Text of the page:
Doctors in India

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This is a collection of articles archived for the excellence of their content.


AYUSH systems

Allopathy and AYUSH doctors must have the same pay: SC

Dhananjay Mahapatra, August 4, 2021: The Times of India

The Supreme Court ruled that no government can discriminate between practitioners of allopathy and Ayurveda, Yoga & Naturopathy, Unani, Siddha and Homoeopathy (AYUSH) and directed the North Delhi Municipal Corporation to pay AYUSH practitioners on par with allopathy doctors under the Central Health Scheme.

A bench of Justices L N Rao and Hrishikesh Roy said if the central government has enhanced the retirement age of allopathic practitioners to 65 years and it has been implemented by NDMC, it cannot deny the AYUSH practitioners employed under it the benefit of increase in the age of superannuation.

NDMC contended that classification of AYUSH doctors and doctors under CHS under different categories was reasonable and permissible in law. Rejecting the argument, the bench said, :This however does not appeal to us and we are inclined to agree with the findings of the Tribunal and the Delhi High Court that the classification is discriminatory and unreasonable since doctors under both segments are performing the same function of treating and healing their patients.”

Writing the judgment for the bench, Justice Roy said, “The only difference is that AYUSH doctors are using indigenous systems of medicine like Ayurveda, Unani, etc and CHS doctors are using allopathy for tending to their patients. In our understanding, the mode of treatment by itself under the prevalent scheme of things, does not qualify as an intelligible differentia. Therefore, such unreasonable classification and discrimination based on it would surely be inconsistent with Article 14 of the Constitution.”

Availability of Doctors

2010-11: India world’s top supplier of doctors


1. The Times of India, Sep 24 2015

2. The Times of India, Sep 24 2015, Lubna Kably

Number of expatrite Indian doctors and top 5 destinations for Indian migrants; Graphic courtesy: The Times of India, Sep 24 2015

India top supplier of docs to west 

India remains the top sup plier of expatriate doctors to 34 Organisation for Economic Co-operation and Development (OECD) countries, followed by China, reports Lubna Kably. According to a recent report, 86,680 Indian expatriate doctors worked in OECD countries, which include the US and EU bloc, during 2010-11 -up from 56,000 in 2000-01. The US employs 60% of expat Indian doctors; the UK is the second leading employer.

Philippines provided the most number of nurses at 2.21 lakh followed by India (70,471).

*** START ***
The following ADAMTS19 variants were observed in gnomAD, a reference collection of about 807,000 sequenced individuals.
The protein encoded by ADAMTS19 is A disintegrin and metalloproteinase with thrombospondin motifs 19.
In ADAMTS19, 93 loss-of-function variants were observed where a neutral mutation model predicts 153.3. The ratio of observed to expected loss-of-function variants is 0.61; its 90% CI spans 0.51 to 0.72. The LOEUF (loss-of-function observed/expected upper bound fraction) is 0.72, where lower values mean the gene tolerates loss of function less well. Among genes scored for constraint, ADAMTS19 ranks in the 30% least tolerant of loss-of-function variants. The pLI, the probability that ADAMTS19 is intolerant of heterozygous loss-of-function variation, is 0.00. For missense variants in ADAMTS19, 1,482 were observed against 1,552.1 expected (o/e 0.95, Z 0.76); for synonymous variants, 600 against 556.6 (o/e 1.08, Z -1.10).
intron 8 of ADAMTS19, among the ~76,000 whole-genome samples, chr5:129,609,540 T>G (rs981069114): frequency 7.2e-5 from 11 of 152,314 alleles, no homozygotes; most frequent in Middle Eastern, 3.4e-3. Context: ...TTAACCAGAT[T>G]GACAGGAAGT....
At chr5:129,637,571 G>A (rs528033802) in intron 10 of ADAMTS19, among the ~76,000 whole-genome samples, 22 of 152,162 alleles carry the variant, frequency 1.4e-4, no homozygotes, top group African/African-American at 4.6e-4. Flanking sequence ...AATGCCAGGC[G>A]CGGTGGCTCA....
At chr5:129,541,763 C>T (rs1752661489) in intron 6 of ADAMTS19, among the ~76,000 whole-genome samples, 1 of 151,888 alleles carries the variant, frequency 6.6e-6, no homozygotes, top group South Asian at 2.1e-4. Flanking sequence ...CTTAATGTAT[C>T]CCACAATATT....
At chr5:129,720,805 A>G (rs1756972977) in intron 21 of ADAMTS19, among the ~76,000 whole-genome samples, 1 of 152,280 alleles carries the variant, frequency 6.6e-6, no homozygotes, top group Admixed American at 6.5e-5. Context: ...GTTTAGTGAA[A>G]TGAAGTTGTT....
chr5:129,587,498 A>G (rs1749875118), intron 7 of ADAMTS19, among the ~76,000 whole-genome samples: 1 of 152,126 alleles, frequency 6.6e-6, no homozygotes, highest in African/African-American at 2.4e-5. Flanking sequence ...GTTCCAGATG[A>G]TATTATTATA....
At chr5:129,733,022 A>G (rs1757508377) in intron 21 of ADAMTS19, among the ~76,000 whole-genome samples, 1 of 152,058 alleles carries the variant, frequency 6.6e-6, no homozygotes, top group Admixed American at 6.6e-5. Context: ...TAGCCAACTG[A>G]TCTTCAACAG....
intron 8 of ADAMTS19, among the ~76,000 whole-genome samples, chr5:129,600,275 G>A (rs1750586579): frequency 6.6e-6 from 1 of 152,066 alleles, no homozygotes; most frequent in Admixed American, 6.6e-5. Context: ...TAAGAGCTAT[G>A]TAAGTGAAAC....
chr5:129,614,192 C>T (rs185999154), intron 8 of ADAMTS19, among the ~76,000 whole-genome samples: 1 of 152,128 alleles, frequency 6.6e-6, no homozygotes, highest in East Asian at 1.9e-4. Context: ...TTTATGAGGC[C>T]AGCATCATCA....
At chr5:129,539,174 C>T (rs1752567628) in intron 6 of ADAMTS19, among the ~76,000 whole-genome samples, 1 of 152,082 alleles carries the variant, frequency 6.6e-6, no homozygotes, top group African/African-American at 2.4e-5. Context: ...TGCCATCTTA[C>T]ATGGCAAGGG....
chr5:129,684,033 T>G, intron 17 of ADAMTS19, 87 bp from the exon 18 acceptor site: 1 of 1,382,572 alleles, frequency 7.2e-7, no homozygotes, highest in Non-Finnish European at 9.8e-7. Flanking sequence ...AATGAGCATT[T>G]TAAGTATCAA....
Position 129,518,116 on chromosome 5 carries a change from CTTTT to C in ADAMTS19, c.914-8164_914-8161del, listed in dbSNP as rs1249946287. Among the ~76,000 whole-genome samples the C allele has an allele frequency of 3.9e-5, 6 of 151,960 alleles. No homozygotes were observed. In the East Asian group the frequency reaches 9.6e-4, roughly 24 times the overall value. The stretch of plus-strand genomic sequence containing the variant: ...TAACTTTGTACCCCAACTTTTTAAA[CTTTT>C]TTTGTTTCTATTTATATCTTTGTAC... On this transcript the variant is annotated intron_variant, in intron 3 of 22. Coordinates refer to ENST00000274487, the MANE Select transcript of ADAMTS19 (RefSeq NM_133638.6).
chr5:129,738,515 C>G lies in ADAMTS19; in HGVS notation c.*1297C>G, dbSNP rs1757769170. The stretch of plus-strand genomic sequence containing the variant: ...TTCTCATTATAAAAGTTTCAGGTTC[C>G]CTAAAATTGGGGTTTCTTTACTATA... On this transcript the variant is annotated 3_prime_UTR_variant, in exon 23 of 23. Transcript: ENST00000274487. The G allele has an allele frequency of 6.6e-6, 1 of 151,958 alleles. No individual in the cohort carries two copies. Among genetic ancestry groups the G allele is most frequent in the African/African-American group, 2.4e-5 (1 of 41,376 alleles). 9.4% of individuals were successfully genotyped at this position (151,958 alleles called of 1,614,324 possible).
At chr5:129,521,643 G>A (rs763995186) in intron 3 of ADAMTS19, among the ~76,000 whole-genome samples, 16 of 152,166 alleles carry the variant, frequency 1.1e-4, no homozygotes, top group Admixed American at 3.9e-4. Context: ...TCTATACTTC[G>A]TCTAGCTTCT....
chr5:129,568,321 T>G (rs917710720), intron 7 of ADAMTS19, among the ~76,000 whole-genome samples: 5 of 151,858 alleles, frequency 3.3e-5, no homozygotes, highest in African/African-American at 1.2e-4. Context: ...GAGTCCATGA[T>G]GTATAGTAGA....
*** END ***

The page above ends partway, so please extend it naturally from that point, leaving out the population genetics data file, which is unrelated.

2014-15: states with the most, least doctors/ medical colleges

Rema Nagarajan, October 6, 2018: The Times of India

2014-15- Indian states with the most and least doctors/ medical colleges
From: Rema Nagarajan, October 6, 2018: The Times of India

States like Jharkhand and Bihar with acute shortages of doctors have seen few new medical colleges being open in the last five years, while those with a glut of MBBS seats and doctors continue to allow new private colleges. This is despite doctors’ associations warning against overproduction of doctors.

In Jharkhand, a state with the worst doctor-population ratio of just one doctor for over 8,000 people, no medical college has been started since 1969. Even in the last five years, which saw over 121 colleges being opened nationally, Jharkhand got none.

In contrast, Kerala, already facing a glut of doctors with a doctor for 535 people, had nine colleges opening in the last five years, including 6 private ones accounting for 750 seats.

But what can states do about where the private sector chooses to open medical colleges? For any medical college to be opened, the state has to issue an “essentiality certificate”, which certifies that a college is needed. The idea is to prevent unhealthy competition. This raises the question of why states producing more than enough doctors continue to hand out essentiality certificates.

The results are showing in Karnataka where many colleges are in the news for getting fake patients during inspections since they don’t have enough to meet the norms. Many colleges that are allowed to admit students in the first year or for a few years are then derecognised when they no longer meet the MCI norms.

In Karnataka and Kerala, doctors’ associations have warned the governments against starting medical colleges as the glut of doctors is leaving many unemployed.

New private colleges opening creates another problem. The essentiality certificate guarantees if the new college is disallowed admissions by the MCI in a subsequent year, the state government will take over responsibility for students already admitted. This has two effects. First, students who did not get into the much sought after government colleges get entry through the back door. Second, the teacher-student ratio takes a hit at these colleges.

Density of doctors: 2017

Rema Nagarajan, 6 states have more docs than WHO’s 1 doc/1k people norm, September 2, 2018: The Times of India

Yet Rural Areas Remain Underserved

Even as governments cite shortage of doctors to allow more private medical colleges, six states — Delhi, Karnataka, Kerala, Tamil Nadu, Punjab and Goa — have more doctors than the WHO norm of one for 1,000 people. Yet, some can’t find enough doctors for rural public health system. Also, most doctors from these states are unwilling to move to states like Bihar or UP that suffer from an acute shortage. This again raises the question of whether merely producing more doctors can address the crunch in public health and in rural areas.